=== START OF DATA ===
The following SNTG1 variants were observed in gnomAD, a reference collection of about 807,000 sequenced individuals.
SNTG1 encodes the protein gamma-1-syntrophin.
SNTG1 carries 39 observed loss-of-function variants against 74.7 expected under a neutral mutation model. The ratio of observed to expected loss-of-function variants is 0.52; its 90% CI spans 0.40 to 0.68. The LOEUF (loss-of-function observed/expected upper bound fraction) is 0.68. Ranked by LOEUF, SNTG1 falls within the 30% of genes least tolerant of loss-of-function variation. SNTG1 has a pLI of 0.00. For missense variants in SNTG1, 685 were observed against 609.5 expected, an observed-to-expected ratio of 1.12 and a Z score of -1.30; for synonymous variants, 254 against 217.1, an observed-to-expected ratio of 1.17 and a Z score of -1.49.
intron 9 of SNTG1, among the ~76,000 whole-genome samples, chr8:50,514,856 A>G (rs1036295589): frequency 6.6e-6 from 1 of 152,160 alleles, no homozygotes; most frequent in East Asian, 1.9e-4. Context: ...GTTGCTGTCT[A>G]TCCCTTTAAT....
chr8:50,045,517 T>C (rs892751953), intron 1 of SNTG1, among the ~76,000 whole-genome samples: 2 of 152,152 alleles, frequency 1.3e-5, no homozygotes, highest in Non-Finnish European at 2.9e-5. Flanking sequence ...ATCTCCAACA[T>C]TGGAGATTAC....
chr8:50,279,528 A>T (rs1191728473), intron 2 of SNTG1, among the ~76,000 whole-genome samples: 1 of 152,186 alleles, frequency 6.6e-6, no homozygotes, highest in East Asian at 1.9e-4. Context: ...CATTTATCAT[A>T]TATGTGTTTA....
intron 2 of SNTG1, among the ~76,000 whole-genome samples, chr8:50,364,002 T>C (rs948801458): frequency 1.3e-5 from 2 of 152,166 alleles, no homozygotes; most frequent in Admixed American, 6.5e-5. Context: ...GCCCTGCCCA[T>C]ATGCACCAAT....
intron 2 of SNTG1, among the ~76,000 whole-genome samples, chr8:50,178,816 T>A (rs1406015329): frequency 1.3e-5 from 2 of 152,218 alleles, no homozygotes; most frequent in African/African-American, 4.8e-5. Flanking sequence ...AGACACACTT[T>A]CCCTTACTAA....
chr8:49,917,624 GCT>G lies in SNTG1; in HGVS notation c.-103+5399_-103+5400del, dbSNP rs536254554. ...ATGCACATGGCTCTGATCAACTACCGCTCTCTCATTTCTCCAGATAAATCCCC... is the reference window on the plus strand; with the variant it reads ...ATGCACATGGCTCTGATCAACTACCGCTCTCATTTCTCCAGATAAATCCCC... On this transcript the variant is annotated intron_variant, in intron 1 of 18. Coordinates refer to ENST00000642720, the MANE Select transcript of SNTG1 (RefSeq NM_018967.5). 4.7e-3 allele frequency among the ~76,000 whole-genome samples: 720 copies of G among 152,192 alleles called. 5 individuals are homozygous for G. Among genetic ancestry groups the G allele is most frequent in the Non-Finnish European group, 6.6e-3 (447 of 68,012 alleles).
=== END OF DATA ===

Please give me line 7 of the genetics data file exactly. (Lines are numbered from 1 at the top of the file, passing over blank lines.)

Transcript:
intron 2 of SNTG1, among the ~76,000 whole-genome samples, chr8:50,364,002 T>C (rs948801458): frequency 1.3e-5 from 2 of 152,166 alleles, no homozygotes; most frequent in Admixed American, 6.5e-5. Context: ...GCCCTGCCCA[T>C]ATGCACCAAT....